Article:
Tech gurus attempt to build utopian city outside Bay Area

The lack of housing in the Bay Area is a constant headline, but it hit a completely out of left field speed bump last spring when news broke that a group of tech billionaires including Marc Andreessen, Reid Hoffman and Laurene Powell Jobs had quietly bought up 55,000 acres at the Bay Area’s edge in a bid to build a utopian city to house their workers and reinvent urban design.


This came as a surprise to the farmers who had farmed locally for generations and had been wondering why all their neighbors were selling up and sparked an ongoing probe by the federal government concerned about proximity to Travis Air Force Base.

Sam Bankman-Fried’s entire trial was one long, weird revelation

The trial of former crypto king Sam Bankman-Fried was expected to have a few interesting revelations given the scale of the multi-billion-dollar company he’d built.

But no one could have possibly expected forehead-slappers like:

  • FTX’s massive $600,000 tab at Jimmy Buffett theme restaurant Margaritaville
  • a request from SBF’s parents for more than a $200,000 salary, which allegedly resulted in a $10 million cash gift and multiple Bahamanian properties
  • a recounting of various schemes to sway foreign officials with bribes and which at least one witness said involved “Thai prostitutes”
  • the almost immediate flipping of Bankman-Fried’s second-in-command and erstwhile girlfriend Caroline Ellison.

Bankman-Fried was ultimately convicted on seven criminal counts after mere hours of jury deliberation and now faces a maximum sentence of 115 years in prison. You can see CNN’s rundown of the wildest moments in our analysis here.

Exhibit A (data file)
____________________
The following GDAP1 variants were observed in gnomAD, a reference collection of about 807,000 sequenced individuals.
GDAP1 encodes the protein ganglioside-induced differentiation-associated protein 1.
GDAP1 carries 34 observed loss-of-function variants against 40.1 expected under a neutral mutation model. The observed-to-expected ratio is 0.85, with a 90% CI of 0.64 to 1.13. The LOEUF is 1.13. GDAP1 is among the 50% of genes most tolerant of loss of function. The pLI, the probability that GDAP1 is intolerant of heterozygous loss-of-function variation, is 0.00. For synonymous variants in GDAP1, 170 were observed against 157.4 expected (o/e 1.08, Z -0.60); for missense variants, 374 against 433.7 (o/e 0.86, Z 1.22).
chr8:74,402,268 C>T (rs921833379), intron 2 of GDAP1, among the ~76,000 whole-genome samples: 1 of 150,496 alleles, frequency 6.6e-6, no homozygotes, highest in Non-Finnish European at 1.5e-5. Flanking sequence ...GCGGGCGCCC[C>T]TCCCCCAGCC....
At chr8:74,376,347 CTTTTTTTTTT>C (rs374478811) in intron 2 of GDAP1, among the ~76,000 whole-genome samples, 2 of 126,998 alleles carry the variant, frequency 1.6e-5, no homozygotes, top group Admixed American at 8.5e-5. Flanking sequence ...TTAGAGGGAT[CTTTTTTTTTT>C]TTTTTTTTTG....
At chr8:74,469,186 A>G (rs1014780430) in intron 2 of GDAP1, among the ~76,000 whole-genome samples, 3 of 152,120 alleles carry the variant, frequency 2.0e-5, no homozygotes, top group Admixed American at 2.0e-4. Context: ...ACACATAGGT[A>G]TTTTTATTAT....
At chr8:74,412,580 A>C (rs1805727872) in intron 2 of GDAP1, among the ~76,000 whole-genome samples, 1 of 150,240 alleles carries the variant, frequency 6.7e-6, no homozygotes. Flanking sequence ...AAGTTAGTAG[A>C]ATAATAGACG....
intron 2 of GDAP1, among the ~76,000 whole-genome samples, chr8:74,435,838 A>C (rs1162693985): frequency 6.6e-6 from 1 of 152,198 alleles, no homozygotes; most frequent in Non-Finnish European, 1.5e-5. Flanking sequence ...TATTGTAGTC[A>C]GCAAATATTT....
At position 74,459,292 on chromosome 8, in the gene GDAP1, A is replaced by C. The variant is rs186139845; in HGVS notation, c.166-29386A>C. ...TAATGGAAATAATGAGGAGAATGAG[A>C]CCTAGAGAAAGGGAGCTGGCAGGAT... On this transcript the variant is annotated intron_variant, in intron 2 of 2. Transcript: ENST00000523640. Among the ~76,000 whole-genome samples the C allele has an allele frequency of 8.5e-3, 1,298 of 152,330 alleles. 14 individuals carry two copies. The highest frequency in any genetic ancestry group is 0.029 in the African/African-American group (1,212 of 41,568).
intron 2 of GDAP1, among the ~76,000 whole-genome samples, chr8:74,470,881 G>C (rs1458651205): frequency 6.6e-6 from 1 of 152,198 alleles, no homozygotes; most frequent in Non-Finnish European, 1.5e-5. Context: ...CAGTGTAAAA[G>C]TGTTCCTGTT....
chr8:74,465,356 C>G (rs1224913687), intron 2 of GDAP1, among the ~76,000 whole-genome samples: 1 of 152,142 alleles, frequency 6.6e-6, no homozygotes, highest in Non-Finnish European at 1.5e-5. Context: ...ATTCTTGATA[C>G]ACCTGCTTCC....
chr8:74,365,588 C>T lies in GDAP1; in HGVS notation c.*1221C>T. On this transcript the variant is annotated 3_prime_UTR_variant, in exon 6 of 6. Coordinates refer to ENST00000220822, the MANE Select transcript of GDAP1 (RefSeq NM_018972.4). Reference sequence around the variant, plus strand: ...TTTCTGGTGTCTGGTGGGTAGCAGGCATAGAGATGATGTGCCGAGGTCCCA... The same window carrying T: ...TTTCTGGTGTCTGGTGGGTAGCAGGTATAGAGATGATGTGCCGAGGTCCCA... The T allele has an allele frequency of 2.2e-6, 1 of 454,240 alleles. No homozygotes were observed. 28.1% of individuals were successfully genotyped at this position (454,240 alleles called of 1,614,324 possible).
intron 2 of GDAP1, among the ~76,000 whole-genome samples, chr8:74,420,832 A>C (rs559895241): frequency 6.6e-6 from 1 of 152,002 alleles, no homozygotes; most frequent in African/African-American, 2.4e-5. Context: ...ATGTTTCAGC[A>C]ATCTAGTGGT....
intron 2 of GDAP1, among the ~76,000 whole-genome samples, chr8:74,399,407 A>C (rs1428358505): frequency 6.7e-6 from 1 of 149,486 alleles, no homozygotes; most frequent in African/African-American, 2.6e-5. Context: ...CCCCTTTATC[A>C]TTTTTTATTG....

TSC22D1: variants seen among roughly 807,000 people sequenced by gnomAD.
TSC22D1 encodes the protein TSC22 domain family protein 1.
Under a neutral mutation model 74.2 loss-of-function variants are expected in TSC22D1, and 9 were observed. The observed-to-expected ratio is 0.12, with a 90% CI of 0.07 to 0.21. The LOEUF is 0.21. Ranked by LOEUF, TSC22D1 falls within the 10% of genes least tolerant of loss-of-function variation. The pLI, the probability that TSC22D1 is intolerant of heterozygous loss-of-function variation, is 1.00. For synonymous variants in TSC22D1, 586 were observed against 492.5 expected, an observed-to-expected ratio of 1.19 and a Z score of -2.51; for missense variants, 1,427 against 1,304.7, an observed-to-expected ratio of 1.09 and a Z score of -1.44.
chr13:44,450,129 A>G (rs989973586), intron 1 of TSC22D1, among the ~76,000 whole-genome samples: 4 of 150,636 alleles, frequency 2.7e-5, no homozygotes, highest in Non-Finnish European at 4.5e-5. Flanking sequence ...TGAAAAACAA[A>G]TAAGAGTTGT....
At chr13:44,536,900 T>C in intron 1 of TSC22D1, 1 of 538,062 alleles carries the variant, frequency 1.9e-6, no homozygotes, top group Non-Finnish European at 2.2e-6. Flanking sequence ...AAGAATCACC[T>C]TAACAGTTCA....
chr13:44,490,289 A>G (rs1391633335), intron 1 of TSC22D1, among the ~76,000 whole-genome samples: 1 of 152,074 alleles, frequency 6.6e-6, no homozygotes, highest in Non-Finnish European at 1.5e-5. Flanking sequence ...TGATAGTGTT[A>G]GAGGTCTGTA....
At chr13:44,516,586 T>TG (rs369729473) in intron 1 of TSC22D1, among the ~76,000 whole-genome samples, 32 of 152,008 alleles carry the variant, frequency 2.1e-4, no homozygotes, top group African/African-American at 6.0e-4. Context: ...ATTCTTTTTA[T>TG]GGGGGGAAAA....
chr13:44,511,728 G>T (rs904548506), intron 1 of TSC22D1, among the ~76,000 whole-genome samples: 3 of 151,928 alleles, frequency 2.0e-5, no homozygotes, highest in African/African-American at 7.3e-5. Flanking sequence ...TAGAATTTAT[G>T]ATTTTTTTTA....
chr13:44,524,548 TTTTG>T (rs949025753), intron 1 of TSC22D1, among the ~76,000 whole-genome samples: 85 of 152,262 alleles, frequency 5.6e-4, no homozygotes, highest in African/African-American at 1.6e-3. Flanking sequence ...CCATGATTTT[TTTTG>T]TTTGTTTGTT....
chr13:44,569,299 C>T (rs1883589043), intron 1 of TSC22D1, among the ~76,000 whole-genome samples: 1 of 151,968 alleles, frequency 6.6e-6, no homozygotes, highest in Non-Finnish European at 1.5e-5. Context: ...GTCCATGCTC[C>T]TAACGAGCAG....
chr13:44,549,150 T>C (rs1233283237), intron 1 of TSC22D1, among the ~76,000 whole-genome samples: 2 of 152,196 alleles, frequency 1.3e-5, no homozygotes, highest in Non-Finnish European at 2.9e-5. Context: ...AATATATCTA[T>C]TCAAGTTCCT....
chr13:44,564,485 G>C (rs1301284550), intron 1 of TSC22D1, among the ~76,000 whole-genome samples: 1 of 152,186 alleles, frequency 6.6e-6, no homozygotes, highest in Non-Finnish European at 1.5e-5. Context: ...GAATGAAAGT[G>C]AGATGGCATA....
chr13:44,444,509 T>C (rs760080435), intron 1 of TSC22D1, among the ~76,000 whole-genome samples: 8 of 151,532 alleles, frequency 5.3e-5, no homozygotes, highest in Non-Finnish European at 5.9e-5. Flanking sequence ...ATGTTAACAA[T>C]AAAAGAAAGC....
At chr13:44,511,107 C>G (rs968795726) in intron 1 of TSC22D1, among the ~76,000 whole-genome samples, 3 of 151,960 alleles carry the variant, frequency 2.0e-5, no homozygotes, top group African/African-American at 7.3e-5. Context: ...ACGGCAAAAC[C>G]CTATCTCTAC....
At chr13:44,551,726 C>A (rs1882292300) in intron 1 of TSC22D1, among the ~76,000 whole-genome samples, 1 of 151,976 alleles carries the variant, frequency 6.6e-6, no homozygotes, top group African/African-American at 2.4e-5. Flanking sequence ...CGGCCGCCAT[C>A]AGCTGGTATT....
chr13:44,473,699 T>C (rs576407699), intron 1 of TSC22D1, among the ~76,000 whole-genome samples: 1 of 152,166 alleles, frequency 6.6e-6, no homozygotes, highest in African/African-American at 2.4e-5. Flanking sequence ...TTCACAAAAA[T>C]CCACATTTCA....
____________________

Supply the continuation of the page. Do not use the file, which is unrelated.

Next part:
OpenAI board fires Sam Altman, employees revolt, company rehires Altman, all in a week

Perhaps the freshest weird tech moment in our collective minds is the whirlwind ouster and reinstatement of OpenAI founder and CEO Sam Altman over a five-day saga in November.

From the late-night Friday firing, to two quickly installed and then dethroned interim CEOs, to a letter signed by most of the company demanding Altman come back and Microsoft’s offer to hire both Altman and all disgruntled workers, the minute-by-minute changes in the situation gave watchers plenty of drama and whiplash.

The pure intensity of the coverage and whirlwind of circumstances created a week of OpenAI headlines and news blasts — only for Altman to wind up right back where he’d started.

The debacle left people wondering how a company could handle any scandal that badly and whether that company should be entrusted with building some of the world’s most consequential future technology.

The-CNN-Wire & © 2023 Cable News Network, Inc., a Warner Bros. Discovery Company. All rights reserved.

The post 2023 got pretty weird in tech – here are 5 events to remember first appeared on WRAL TechWire.

2023 got pretty weird in tech – here are 5 events to remember first appeared on Web and IT News.